Efficient Estimation of Word Representations in Space – Mikolov et al
This paper introduced what is now pretty commonly known as word2vec. It shows that a very simple neural network with a language modeling objective can be used to learn word embeddings that have interesting similarity properties e.g. you can do vector arithmetic to move in the semantic space i.e. King – Man + Woman = Queen. The primary differentiator between this work and previous work is that the computational complexity of the model is low and it is able to learn from billions of tokens efficiently.
Why I liked reading it
This paper took me behind the curtain of the incredibly popular word2vec library. I was surprised to find how simple the models were given the impact in the field of NLP has been big.
Distributional similarity : Words that have similar contexts have similar meanings.
- This paper builds up on the neural network language model (NNLM) proposed by Bengio in 2001. In that model, it is expensive to compute the mapping from the projection layer to the hidden layer and from the hidden layer to the output layer which makes it prohibitive for running on large vocabularies.
- The model complexity evaluation is interesting and novel to me. For feedforward NNLM, the complexity is N x D + N x D x H + H x V, where the first term is for mapping from the input layer to the projection layer, the second term is for mapping from the projection layer to the hidden layer and the third term is for mapping hidden layer to the output layer. Using some variations to the softmax, the output layer complexity can be reduced to logV so the dominating term is N x D x H.
- For RNN LM, the complexity is H x H + H x V, where H x V is the dominating term but with heirarchical softmax, the dimensionality of the output can be reduced to log(V) so the dominating term is H x H.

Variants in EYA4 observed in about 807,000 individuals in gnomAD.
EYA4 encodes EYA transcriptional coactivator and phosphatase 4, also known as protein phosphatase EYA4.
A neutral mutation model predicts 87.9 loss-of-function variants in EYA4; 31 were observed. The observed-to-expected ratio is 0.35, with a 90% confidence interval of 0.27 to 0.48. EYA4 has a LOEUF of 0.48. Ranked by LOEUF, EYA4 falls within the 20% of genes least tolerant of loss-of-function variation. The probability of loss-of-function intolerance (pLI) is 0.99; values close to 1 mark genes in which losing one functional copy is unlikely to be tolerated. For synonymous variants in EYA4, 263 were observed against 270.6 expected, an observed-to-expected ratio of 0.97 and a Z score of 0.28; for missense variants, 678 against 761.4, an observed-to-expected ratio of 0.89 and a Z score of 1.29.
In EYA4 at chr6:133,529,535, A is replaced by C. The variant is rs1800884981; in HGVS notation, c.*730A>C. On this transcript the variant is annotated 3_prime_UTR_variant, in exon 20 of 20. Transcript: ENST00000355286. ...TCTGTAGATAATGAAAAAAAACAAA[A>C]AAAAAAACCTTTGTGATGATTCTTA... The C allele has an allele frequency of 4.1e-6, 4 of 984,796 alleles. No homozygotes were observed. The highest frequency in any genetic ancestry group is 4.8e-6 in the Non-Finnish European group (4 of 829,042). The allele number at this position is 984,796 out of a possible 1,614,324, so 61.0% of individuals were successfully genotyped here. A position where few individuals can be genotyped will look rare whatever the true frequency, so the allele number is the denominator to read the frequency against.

- The models proposed in this paper are super simple. The non linear activation function is removed. There are two models :
- Continuous bag of words (CBOW) : All the context words (both before and after the target word) are projected to an embedding space and averaged. The projection undergoes a linear transformation to predict the target (middle) word.
- Continuous skip gram : Tries to predict context words based on the middle word.
- Models were trained on Google News corpus which contains about 6 billion tokens. The authors varied the dimensionality of the word vectors and the amount of tokens used for training and found that performance increased on increasing either factor until it reaches a point of diminishing returns.
- An interesting thing was that the models were trained on a distributed framework called DistBelief by running multiple replicas of the same model in parallel where each replica synchronizes its gradient updates through a centralized server that keeps all the parameters.
- Both CBOW and Skip gram outperform the NNLM and RNNLM on the Semantic-Syntactic Word Relationship test set.
- Perhaps the most interesting thing about the results is the types of semantic relationship learned. Some of the interesting examples :
- Paris – France + Italy = Rome
- big – bigger + cold = colder
- Einstein – scientist + Messi = midfielder
- Japan – sushi + Germany = bratwurst